Thursday, January 27, 2011

Mr Grasshead

Two weeks ago it was Tu B'Shvat - this is a Jewish holiday celebrating the rebirth of nature after the winter and specifically the blossoming of the almond trees (though this year it's fallen early so the almond trees didn't quite make it). It is the sort of minor holiday that can pass you by and has done for me for many many years. The sort of holiday that you need a young child to involve you in. In English we have dubbed it the New Year for Trees.

In the DD's nursery they had a Tu B'Shvat party in which they ate (tiny amounts) of 15 different fruits, they planted seeds and plants in the garden, sang tree songs, painted pictures and... they made Mr Grassheads to bring home. Of course I've seen these before, but nothing prepared me for the intense excitement I would feel on seeing a bit of grass grow out of the top of a soil-filled stocking.

First let me describe our Deshy. Desher is the Hebrew for grass and a very suitable name for Mr Grasshead. He is basically a length of stocking tied at one end, filled with soil, topped with grass seeds, and tied at the top. Then the children stuck on eyes, a nose and a mouth. Deshy came home with instructions to keep him saturated with water and watch his hair grow.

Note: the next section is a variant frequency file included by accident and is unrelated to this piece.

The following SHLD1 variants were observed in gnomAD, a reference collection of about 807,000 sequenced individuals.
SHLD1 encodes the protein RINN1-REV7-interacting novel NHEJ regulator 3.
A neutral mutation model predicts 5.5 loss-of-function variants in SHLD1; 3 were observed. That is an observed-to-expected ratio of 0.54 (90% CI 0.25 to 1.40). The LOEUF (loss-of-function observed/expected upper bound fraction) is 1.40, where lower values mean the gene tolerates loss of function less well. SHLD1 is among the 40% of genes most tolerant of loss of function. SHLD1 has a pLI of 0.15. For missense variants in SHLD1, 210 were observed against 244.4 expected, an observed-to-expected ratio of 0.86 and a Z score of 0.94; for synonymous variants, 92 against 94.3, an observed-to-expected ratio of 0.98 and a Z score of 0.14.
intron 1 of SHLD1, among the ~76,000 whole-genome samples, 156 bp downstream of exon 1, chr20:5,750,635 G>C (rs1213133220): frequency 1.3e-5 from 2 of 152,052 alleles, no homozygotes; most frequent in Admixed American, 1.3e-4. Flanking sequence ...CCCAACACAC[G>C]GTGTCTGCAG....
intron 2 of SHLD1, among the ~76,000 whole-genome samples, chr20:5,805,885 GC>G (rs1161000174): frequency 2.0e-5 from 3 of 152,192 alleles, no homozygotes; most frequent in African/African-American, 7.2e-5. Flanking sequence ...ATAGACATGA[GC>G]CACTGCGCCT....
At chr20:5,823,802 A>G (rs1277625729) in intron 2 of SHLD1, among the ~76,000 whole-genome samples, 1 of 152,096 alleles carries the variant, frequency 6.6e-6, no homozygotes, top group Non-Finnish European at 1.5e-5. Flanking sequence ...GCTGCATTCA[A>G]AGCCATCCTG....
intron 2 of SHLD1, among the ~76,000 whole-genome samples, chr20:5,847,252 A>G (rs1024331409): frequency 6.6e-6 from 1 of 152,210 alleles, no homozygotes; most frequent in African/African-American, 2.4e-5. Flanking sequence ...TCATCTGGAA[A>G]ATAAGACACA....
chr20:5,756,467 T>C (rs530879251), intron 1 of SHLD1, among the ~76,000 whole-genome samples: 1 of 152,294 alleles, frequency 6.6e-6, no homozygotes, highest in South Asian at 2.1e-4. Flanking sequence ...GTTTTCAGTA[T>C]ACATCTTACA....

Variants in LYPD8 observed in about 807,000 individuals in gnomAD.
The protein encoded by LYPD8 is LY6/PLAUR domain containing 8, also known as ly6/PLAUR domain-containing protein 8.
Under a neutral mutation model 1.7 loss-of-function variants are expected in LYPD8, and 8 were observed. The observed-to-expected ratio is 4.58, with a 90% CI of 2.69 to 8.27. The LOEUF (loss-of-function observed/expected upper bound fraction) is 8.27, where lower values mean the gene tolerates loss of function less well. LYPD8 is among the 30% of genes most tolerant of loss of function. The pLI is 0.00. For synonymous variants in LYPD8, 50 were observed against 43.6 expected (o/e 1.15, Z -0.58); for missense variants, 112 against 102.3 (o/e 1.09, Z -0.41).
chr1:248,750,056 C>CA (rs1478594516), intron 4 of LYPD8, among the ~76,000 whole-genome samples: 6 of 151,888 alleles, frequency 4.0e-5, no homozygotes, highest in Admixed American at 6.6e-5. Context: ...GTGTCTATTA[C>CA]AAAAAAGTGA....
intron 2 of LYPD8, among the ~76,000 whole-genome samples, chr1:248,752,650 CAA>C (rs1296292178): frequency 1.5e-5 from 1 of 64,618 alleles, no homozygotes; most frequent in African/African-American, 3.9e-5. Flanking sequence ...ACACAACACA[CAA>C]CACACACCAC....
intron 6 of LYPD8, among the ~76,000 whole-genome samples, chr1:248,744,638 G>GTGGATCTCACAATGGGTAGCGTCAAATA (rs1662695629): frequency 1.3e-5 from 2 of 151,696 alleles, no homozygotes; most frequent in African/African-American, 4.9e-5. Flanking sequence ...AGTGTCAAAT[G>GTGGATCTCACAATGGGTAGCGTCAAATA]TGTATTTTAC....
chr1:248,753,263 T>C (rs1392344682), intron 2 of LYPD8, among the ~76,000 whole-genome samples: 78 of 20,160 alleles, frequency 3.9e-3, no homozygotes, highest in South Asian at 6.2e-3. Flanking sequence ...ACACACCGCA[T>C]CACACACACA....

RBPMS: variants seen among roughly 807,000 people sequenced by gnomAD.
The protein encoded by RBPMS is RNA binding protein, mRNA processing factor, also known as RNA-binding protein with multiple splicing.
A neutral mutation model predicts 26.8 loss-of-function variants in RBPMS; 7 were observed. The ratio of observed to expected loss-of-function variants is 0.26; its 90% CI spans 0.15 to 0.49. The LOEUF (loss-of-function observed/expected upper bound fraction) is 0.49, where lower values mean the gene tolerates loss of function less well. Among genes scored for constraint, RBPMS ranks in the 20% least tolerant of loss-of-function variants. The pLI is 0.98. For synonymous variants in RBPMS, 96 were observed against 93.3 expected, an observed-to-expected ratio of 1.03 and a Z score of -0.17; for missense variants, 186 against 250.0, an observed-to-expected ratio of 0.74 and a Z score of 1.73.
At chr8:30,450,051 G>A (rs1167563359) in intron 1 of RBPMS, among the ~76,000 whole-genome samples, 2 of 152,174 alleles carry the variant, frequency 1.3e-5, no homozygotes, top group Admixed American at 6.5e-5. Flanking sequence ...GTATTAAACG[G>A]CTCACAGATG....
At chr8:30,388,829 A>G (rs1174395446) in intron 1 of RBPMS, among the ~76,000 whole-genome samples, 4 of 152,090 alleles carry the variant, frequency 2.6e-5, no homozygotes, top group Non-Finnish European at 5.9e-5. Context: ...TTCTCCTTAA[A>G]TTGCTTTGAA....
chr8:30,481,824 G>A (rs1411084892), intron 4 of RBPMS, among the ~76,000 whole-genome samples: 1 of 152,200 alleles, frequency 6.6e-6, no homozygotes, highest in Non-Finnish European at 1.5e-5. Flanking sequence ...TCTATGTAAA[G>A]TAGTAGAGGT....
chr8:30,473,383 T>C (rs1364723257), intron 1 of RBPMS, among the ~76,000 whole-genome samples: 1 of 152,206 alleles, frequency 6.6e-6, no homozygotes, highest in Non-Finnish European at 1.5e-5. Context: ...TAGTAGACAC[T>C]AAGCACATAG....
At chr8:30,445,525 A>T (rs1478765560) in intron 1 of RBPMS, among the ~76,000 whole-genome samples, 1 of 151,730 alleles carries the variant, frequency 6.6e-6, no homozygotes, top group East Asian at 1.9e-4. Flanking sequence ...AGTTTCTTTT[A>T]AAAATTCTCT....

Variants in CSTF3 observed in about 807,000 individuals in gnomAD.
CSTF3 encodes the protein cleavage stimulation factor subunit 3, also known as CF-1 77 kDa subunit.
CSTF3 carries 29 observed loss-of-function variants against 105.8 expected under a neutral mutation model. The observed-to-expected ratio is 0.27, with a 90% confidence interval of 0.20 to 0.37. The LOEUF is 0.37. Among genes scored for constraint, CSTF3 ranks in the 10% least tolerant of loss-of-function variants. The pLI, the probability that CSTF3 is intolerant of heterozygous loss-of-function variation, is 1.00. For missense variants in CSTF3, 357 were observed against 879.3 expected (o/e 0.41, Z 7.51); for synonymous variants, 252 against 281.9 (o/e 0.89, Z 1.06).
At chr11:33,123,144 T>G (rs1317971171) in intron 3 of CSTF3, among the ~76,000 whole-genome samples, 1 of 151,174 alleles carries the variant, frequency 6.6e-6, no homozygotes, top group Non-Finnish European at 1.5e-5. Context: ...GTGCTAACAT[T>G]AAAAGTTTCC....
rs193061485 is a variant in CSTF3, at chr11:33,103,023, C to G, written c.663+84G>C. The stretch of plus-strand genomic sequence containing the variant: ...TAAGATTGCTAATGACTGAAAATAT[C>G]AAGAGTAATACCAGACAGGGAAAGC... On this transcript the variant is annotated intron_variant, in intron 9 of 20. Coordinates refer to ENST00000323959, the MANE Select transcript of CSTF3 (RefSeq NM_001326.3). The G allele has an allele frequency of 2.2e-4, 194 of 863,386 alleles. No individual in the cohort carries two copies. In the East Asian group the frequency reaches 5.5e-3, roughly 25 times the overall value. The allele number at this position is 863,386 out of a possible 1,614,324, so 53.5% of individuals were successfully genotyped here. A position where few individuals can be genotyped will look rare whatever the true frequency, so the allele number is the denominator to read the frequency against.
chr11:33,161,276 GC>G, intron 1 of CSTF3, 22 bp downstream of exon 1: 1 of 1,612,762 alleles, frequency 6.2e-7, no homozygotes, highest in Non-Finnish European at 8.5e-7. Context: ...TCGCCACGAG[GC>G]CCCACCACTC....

We sat Deshy in front of a sunny window and watered him faithfully for over a week unitl, last Friday, I suddenly noticed a few small shoots poking through his bald stocking scalp. "Look! DD Look!" I cried. I could hardly contain myself I was that excited. After that it was running to inspect Deshy's emerging coiffe every 10 minutes. And believe me, the hair was growing as we watched.

For I while I worried that he was going to have a bald patch where the seeds were unevenly distributed, but he seems to have covered it up quite cleverly by keeping the rest of his hair long and letting it flop over the barer bits. Funny how a comb-over looks ridiculous on anyone else, but when it's your own you sort of understand the emotion behind it. I will have to consider a haircut for Deshy soon, after okaying it with DD first of course.

Tu B'Shvat comes and goes every year. Here in Israel we all know about it because the dried fruit gift-boxes appear in the supermarket. However, this year I celebrated Tu B'Shvat and loved it. Who knew that would happen?

Wednesday, January 26, 2011